The field of Critical Autism Studies (CAS) has evolved significantly since its inception, with scholars continually redefining its key tenets and objectives. CAS emerged as a response to conventional medical and social deficit-based models of autism and seeks to challenge the prevailing norm that considers neurotypicality as the unquestioned standard. This article, written by an autistic scholar, aims to contribute to the ongoing discussions in CAS. The article introduces novel perspectives by suggesting connections between CAS, Critical Discourse Studies (CDS), and postcolonial feminism. It advocates for the incorporation of concepts and tools from these traditions to enrich CAS’s approach. Furthermore, the article explores autism through the lens of colonisation, conceptualising autistic people, their identities, spaces, and cultures as colonised by neurotypical counterparts. It suggests that CAS can be viewed as a form of counter-discourse creation and resistant knowledge production. As a part of this discussion Lorde’s (2003) ideas on emancipation and Medina’s (2012) concepts of “epistemic resistance” are introduced, emphasising the need to challenge and deconstruct the tools and discourses used to oppress autistic individuals. In conclusion, the article calls for an emancipatory practice within CAS, urging scholars and the autistic community to collaborate, define their own paths to liberation, and critically examine their own perspectives. It emphasises the importance of centring autistic voices in CAS while inviting non-autistic scholars to be sensitive allies. This holistic approach aims to create a more inclusive and emancipatory space within Critical Autism Studies.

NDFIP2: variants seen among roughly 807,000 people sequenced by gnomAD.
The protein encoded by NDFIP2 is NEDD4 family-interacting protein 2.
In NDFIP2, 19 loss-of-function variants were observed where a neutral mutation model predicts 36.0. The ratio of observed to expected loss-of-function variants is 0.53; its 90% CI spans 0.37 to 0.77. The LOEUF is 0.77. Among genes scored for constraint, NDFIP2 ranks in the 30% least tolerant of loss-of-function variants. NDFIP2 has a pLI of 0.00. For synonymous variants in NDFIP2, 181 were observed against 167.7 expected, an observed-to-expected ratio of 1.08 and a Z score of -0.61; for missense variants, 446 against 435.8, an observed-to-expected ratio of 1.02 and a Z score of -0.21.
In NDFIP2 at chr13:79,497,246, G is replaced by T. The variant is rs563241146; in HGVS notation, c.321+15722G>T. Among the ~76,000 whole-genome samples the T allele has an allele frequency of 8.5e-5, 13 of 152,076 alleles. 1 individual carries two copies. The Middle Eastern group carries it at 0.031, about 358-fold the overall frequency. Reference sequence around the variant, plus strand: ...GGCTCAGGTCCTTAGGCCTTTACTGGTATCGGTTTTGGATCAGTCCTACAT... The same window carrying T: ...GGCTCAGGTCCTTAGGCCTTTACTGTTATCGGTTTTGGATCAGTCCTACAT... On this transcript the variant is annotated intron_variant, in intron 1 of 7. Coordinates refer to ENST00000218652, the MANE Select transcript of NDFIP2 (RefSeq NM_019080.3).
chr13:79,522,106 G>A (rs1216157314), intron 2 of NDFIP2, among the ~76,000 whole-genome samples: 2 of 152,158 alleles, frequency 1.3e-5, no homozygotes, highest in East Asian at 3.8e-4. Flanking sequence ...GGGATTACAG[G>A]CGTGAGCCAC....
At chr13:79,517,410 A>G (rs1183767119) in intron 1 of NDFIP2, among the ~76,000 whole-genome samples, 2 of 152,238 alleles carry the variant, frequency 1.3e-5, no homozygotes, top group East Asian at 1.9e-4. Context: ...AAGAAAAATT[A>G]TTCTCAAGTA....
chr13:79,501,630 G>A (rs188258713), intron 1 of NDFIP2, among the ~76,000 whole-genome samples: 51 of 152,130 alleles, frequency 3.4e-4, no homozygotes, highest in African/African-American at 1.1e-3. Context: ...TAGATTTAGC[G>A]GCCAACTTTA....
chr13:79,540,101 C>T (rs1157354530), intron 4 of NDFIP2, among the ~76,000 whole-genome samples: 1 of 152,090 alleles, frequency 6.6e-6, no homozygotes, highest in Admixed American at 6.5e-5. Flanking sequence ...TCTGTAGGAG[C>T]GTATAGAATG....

Creative Commons License

Creative Commons Attribution-NonCommercial 4.0 International License
This work is licensed under a Creative Commons Attribution-NonCommercial 4.0 International License